The path to radiologic and imaging nursing is one that is best started in a foundation of an ICU or emergency department experience says Dr. Sylvia Martin, DNP, RN, NEA-BC, and president of the Association for Radiologic and Imaging Nursing (ARIN). “You need a lot of different skills,” she says. “In imaging, you have opportunities to learn preop and pre procedure skills. You learn to do nurse administration sedation, assist in the procedural area, gain recovery area skills, and interventional radiology as well.”
Martin, who worked in pediatric ICU and pediatric cardiac ICU, found her true passion when she started working in pediatric radiology. In particular she enjoyed getting to know patients, some of whom would come through for cancer treatments and others for routine surveillance. “It’s also a different pace,” she says of radiology nursing. “You have patients scheduled all day and there’s always something new and exciting coming out in the field.”
Radiologic and imaging nurses also are adaptable. “This is a tech-driven field,” says Martin. “There’s always new research and evidence-based information coming out. Radiology nurses have to be able to adjust.” Martin says artificial intelligence is bringing exciting advances in how nurses are able to make their work more efficient as, for example, scan times are reduced as technology improves. “Imaging and radiology is part of the future of healthcare,” she says.
Even more exciting is the new ways interventional radiology is advancing healing with minimally invasive procedures and more precise imaging. “With less invasive procedures, there is less infection, faster recovery, and then patients recover better at home,” she says. “The work in interventional radiology has huge impact.”
Radiologic and imaging nurses work with all areas of radiology from MRI and CT scans to nuclear medicine, says Martin. In each area, they learn different techniques to ease the process for patients, provide more information for physicians, and bring the best results.
Nurses interested in radiologic and imaging nursing should gain some real-world experience in this role by shadowing someone and talking with nurses in the field. The ICU and ED experience that Martin recommends is important for the critical thinking and hands-on skills that come from working with an interdisciplinary team. To keep patients safe in these procedural areas, nurses need to be confident and thinking clearly, she says, because the radiology nurse is frequently the person in the clinical management of the patient.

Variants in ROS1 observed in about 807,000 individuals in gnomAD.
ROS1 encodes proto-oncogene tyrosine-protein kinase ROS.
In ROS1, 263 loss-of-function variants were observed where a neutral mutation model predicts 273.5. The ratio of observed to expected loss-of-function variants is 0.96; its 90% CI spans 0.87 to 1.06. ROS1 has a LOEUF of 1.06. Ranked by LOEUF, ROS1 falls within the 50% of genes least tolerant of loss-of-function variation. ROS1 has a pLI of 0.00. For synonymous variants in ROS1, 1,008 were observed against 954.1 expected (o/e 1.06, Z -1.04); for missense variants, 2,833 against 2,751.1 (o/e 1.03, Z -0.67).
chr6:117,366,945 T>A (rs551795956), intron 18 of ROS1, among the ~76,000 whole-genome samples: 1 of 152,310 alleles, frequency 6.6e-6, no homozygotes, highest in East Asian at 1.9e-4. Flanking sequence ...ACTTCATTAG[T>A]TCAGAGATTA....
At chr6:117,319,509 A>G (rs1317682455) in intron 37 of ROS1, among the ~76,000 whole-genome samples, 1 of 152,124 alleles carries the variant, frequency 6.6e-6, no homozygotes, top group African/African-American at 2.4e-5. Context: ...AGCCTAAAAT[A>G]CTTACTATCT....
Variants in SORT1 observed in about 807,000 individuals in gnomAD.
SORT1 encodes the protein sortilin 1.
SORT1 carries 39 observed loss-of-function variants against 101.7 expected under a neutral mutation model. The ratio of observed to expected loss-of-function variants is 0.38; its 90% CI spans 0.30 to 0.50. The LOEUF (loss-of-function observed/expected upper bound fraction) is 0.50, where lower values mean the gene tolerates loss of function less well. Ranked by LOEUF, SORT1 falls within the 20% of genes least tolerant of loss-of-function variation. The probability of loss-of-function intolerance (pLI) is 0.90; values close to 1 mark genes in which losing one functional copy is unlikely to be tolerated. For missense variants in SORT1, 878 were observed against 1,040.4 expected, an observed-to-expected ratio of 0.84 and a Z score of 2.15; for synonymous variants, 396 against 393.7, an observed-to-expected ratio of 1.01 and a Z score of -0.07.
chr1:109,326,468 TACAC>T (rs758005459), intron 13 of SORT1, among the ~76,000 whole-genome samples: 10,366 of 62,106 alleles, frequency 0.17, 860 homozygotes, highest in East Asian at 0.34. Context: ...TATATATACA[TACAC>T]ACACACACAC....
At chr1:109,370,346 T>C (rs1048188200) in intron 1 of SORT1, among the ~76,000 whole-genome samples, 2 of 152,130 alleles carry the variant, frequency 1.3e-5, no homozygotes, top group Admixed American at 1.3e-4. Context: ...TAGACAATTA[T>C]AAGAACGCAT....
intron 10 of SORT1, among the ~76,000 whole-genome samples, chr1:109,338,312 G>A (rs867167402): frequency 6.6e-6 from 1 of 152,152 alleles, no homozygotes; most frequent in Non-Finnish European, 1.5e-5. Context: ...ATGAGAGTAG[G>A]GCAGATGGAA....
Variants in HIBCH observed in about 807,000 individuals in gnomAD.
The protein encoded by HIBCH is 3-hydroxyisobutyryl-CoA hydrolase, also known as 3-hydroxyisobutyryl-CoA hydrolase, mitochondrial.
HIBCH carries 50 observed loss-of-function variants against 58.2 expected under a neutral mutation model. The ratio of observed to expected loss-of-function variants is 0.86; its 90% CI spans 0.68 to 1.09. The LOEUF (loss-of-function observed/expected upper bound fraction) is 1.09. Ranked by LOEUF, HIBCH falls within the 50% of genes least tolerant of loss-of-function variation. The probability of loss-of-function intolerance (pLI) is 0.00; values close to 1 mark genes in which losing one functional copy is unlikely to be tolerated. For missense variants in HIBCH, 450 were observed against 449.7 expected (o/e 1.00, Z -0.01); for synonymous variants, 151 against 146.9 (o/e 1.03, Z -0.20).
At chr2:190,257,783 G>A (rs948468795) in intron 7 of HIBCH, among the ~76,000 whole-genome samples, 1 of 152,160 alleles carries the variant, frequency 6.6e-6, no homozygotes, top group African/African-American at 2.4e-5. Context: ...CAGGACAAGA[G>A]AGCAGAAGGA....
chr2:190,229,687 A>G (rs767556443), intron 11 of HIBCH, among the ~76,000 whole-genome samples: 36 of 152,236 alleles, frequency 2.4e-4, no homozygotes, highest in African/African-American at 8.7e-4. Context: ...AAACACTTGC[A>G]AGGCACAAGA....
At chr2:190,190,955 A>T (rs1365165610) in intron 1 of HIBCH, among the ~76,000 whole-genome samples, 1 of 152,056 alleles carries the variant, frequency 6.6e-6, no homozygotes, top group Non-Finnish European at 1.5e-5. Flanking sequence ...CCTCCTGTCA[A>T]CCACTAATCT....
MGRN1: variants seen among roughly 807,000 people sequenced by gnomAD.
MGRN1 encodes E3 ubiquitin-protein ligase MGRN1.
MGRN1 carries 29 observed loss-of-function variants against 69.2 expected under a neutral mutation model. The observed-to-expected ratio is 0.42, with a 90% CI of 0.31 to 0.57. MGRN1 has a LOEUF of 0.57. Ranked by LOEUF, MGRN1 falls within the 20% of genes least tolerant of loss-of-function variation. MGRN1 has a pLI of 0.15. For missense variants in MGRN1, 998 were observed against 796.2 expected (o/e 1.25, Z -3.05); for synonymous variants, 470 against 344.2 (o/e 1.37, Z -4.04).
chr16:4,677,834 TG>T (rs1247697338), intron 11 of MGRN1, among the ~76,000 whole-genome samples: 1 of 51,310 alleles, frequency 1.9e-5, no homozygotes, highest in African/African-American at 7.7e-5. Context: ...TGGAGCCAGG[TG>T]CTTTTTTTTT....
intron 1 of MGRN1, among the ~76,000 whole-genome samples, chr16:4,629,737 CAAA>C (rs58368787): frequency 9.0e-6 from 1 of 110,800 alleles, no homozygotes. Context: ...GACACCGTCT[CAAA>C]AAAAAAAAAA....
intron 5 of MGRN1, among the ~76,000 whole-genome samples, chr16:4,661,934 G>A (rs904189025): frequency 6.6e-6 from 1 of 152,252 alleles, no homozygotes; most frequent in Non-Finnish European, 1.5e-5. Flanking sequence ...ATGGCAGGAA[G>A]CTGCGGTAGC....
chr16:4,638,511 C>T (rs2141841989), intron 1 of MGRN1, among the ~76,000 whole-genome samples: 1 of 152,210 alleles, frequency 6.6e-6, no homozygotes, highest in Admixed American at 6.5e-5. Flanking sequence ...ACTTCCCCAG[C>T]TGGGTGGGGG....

Resources such as the ARIN also help. “They can join ARIN right now and meet up with other nurses and then begin to feel like a community,” says Martin. Nurses interested in particularly high-tech areas can look at interventional radiology which works with all parts of the body. Whether they are working with gynecology, vascular or neuro issues, or even delivering chemotherapy directly into tumors, nurses in this specialty are still considered as radiologic and imaging nurses. “It’s so broad,” Martin says. “And it’s amazing that one role does all that.”
Working with patients and seeing how their specialty makes a meaningful difference is what keeps nurses in the role, says Martin.”There’s a human touch piece of radiology nursing,” she says. When patients with cancer come in for a final scan and no cancer is found, nurses celebrate that remission status right along with patients. “There’s so much gratitude there,” she says. “That’s definitely the priceless and rewarding part.”
The April 12 celebration of Radiologic and Imaging Nurses Day (also known as Radiology Nurses Day) honors nurses who specialize in areas of radiology nursing. Sponsored by the Association for Radiologic and Imaging Nursing (ARIN), this event helps raise awareness of this role and offers an opportunity for nurses to celebrate their accomplishments in this fast-paced, complex field.